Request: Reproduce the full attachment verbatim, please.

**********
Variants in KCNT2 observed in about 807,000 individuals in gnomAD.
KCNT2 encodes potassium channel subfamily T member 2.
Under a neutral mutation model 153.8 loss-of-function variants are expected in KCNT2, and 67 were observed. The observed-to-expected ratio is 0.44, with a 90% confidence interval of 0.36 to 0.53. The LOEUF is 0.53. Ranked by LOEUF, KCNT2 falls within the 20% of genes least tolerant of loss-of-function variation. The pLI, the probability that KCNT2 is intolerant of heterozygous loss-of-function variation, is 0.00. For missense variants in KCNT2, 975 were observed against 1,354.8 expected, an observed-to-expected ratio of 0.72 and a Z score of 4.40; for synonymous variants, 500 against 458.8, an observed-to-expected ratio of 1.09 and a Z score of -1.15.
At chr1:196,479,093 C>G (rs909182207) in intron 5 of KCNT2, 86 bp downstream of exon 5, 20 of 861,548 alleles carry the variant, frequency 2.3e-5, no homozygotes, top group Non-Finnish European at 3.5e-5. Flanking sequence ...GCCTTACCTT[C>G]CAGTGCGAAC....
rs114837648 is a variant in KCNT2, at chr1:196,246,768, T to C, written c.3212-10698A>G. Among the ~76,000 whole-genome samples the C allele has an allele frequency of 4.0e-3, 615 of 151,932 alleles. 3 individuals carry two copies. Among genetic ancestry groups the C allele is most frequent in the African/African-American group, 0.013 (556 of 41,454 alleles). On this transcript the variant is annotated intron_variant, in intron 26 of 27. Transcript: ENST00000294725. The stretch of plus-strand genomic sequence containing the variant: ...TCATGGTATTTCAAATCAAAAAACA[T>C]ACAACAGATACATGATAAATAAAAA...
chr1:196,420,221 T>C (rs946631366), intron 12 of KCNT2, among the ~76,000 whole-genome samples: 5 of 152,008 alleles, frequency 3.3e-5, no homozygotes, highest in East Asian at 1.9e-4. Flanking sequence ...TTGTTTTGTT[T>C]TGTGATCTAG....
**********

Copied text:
Variants in KCNT2 observed in about 807,000 individuals in gnomAD.
KCNT2 encodes potassium channel subfamily T member 2.
Under a neutral mutation model 153.8 loss-of-function variants are expected in KCNT2, and 67 were observed. The observed-to-expected ratio is 0.44, with a 90% confidence interval of 0.36 to 0.53. The LOEUF is 0.53. Ranked by LOEUF, KCNT2 falls within the 20% of genes least tolerant of loss-of-function variation. The pLI, the probability that KCNT2 is intolerant of heterozygous loss-of-function variation, is 0.00. For missense variants in KCNT2, 975 were observed against 1,354.8 expected, an observed-to-expected ratio of 0.72 and a Z score of 4.40; for synonymous variants, 500 against 458.8, an observed-to-expected ratio of 1.09 and a Z score of -1.15.
At chr1:196,479,093 C>G (rs909182207) in intron 5 of KCNT2, 86 bp downstream of exon 5, 20 of 861,548 alleles carry the variant, frequency 2.3e-5, no homozygotes, top group Non-Finnish European at 3.5e-5. Flanking sequence ...GCCTTACCTT[C>G]CAGTGCGAAC....
rs114837648 is a variant in KCNT2, at chr1:196,246,768, T to C, written c.3212-10698A>G. Among the ~76,000 whole-genome samples the C allele has an allele frequency of 4.0e-3, 615 of 151,932 alleles. 3 individuals carry two copies. Among genetic ancestry groups the C allele is most frequent in the African/African-American group, 0.013 (556 of 41,454 alleles). On this transcript the variant is annotated intron_variant, in intron 26 of 27. Transcript: ENST00000294725. The stretch of plus-strand genomic sequence containing the variant: ...TCATGGTATTTCAAATCAAAAAACA[T>C]ACAACAGATACATGATAAATAAAAA...
chr1:196,420,221 T>C (rs946631366), intron 12 of KCNT2, among the ~76,000 whole-genome samples: 5 of 152,008 alleles, frequency 3.3e-5, no homozygotes, highest in East Asian at 1.9e-4. Flanking sequence ...TTGTTTTGTT[T>C]TGTGATCTAG....